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dc.contributor.authorWit R
dc.contributor.authorKampman B
dc.contributor.authorBoon B
dc.contributor.authorVelthoven P van
dc.contributor.authorMeijer E
dc.contributor.authorOlivier JGJ
dc.contributor.authorLee DS - Wit R
dc.contributor.authorKampman B
dc.contributor.authorBoon B (eds)
dc.date.accessioned2012-12-12T18:48:25Z
dc.date.available2012-12-12T18:48:25Z
dc.date.issued2005-05-03
dc.identifier500036003
dc.identifier.urihttp://hdl.handle.net/10029/259608
dc.description.abstractAbstract niet beschikbaar
dc.description.abstractThe international aviation and shipping sectors contribute significantly to climatic change and air pollution. Until now, however, Parties to the United Framework Convention on Climate Change (UNFCCC) have not been able to agree on a methodology to assign responsibility for greenhouse gas emissions from these sectors. In addition, the International Civil Aviation Organization (ICAO) and the International Maritime Organization (IMO) have not been able to agree on any action to ensure effective implementation of mitigation policies to reduce greenhouse gas emissions from international aviation and shipping. However, both ICAO and IMO are investigating several policy options. These options may have implications for monitoring and reporting requirements as well as for the allocation of responsibility for international climate emissions from both sectors. It is for this reason that the present report focuses broadly on all these issues. Against this background, the Netherlands Research Programme on Climate Change (NRP-CC) asked CE Delft and its partners to provide an assessment of the latest policy developments and scientific findings on the following issues: Development of greenhouse gas emissions from international aviation and shipping. Impacts on climate; for aviation an update of scientific findings since the 1999 IPCC Special Report on Aviation and the Global Atmosphere. Allocation options. Development of mitigation policies at global and EU levels for aviation and shipping. Data availability and data requirements. The primary aim of this report is to inform representatives of Ministries of Transport and Environment of the EU-25 and other stakeholders on the latest scientific findings and policy developments with regard to the aforementioned issues. This may facilitate further policy discussions in the UNFCCC, within ICAO, IMO and the EU with respect to monitoring and allocation of greenhouse gas (GHG) emissions from international aviation and shipping and possible policies to mitigate those emissions.
dc.description.sponsorshipWetenschappelijke Assessment en Beleidsanalyse WAB Klimaatverandering = Scientic Assessment and Policy Analyses for Climate Change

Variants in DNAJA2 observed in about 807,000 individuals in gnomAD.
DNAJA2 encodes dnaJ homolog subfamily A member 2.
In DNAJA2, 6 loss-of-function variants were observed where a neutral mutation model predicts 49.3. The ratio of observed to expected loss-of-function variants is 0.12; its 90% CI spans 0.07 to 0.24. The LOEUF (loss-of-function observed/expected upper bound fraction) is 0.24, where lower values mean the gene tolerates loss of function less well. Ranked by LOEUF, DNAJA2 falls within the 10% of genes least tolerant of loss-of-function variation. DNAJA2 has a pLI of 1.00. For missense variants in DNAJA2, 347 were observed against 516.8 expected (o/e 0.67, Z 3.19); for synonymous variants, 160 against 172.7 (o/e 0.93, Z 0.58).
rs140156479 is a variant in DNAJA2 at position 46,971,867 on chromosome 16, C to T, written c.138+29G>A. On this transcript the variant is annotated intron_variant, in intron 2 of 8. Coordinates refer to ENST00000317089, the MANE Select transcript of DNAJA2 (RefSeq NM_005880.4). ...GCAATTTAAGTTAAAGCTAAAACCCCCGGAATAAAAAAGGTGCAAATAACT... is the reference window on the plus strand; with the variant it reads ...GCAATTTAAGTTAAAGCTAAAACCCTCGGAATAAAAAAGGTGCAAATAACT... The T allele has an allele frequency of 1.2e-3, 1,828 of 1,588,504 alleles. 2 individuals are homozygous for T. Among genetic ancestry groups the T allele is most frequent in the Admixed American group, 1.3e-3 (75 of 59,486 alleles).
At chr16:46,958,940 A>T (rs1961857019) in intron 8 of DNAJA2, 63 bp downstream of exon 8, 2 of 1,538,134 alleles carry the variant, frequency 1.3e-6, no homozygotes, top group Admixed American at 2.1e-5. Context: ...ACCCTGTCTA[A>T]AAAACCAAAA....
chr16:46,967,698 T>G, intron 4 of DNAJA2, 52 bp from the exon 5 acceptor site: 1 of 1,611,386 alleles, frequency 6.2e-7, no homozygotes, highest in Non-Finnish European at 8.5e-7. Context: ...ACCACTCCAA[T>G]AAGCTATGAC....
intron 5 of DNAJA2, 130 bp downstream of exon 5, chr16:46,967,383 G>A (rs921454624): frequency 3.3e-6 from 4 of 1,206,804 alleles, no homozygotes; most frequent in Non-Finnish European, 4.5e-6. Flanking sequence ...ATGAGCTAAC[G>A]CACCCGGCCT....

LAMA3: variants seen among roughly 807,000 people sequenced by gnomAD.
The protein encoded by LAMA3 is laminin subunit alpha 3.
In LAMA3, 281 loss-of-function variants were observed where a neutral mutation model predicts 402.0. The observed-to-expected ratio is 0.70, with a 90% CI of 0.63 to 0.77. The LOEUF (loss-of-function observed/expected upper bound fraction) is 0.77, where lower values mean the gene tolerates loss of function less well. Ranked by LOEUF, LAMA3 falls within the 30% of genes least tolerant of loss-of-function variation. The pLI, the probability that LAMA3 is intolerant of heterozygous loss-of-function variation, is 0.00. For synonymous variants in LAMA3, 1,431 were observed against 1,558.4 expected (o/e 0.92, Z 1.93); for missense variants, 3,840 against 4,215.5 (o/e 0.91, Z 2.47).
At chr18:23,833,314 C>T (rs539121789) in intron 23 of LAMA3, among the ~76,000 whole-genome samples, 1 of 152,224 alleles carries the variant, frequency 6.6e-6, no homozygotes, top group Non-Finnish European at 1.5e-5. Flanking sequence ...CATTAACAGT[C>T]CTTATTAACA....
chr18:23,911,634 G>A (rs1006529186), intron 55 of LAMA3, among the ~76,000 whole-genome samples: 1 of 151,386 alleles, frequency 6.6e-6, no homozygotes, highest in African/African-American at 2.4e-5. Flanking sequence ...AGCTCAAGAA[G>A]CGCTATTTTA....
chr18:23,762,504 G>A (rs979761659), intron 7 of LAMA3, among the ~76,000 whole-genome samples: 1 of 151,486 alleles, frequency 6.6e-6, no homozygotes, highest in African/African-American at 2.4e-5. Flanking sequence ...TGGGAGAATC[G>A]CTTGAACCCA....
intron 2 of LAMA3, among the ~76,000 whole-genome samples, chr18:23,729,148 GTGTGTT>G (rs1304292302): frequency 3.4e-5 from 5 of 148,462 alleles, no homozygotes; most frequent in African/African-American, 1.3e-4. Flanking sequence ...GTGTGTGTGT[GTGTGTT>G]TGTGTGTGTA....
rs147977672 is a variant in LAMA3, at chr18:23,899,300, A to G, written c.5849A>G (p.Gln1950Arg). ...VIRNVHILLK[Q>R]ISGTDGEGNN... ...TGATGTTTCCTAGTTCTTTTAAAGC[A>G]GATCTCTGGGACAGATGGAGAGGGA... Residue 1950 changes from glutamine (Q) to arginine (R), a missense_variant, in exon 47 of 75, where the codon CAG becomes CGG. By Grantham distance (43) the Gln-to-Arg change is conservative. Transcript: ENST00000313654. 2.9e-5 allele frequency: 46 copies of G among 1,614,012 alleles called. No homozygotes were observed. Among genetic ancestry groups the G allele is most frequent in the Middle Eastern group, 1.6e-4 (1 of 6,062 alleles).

dc.formatapplication/pdf
dc.format.extent105 p
dc.format.extent720 kb
dc.language.isoen
dc.publisherCE-Delft
dc.publisherKNMI
dc.publisherRIVN/MNP
dc.publisherManchester Metropolitan University
dc.relation.ispartofWAB rapport 500036003
dc.relation.ispartofseriesWAB rapport 500036003
dc.relation.urlhttp://www.rivm.nl/bibliotheek/rapporten/500036003.html
dc.relation.urlhttp://www.rivm.nl/bibliotheek/rapporten/500036003.pdf
dc.subject09nl
dc.subjectaviationen
dc.subjectshippingen
dc.subjectclimate changeen
dc.subjectgreen house gas emissionsen
dc.subjectmitigationen
dc.titleClimate impacts from international aviation and shipping; State-of-the-art on climate impacts, allocation and mitigation policiesen
dc.typeReport
dc.contributor.departmentKMD
dc.date.updated2012-12-12T18:48:26Z
refterms.dateFOA2018-12-18T12:04:11Z
html.description.abstractAbstract niet beschikbaar
html.description.abstractThe international aviation and shipping sectors contribute significantly to climatic change and air pollution. Until now, however, Parties to the United Framework Convention on Climate Change (UNFCCC) have not been able to agree on a methodology to assign responsibility for greenhouse gas emissions from these sectors. In addition, the International Civil Aviation Organization (ICAO) and the International Maritime Organization (IMO) have not been able to agree on any action to ensure effective implementation of mitigation policies to reduce greenhouse gas emissions from international aviation and shipping. However, both ICAO and IMO are investigating several policy options. These options may have implications for monitoring and reporting requirements as well as for the allocation of responsibility for international climate emissions from both sectors. It is for this reason that the present report focuses broadly on all these issues. Against this background, the Netherlands Research Programme on Climate Change (NRP-CC) asked CE Delft and its partners to provide an assessment of the latest policy developments and scientific findings on the following issues: Development of greenhouse gas emissions from international aviation and shipping. Impacts on climate; for aviation an update of scientific findings since the 1999 IPCC Special Report on Aviation and the Global Atmosphere. Allocation options. Development of mitigation policies at global and EU levels for aviation and shipping. Data availability and data requirements. The primary aim of this report is to inform representatives of Ministries of Transport and Environment of the EU-25 and other stakeholders on the latest scientific findings and policy developments with regard to the aforementioned issues. This may facilitate further policy discussions in the UNFCCC, within ICAO, IMO and the EU with respect to monitoring and allocation of greenhouse gas (GHG) emissions from international aviation and shipping and possible policies to mitigate those emissions.


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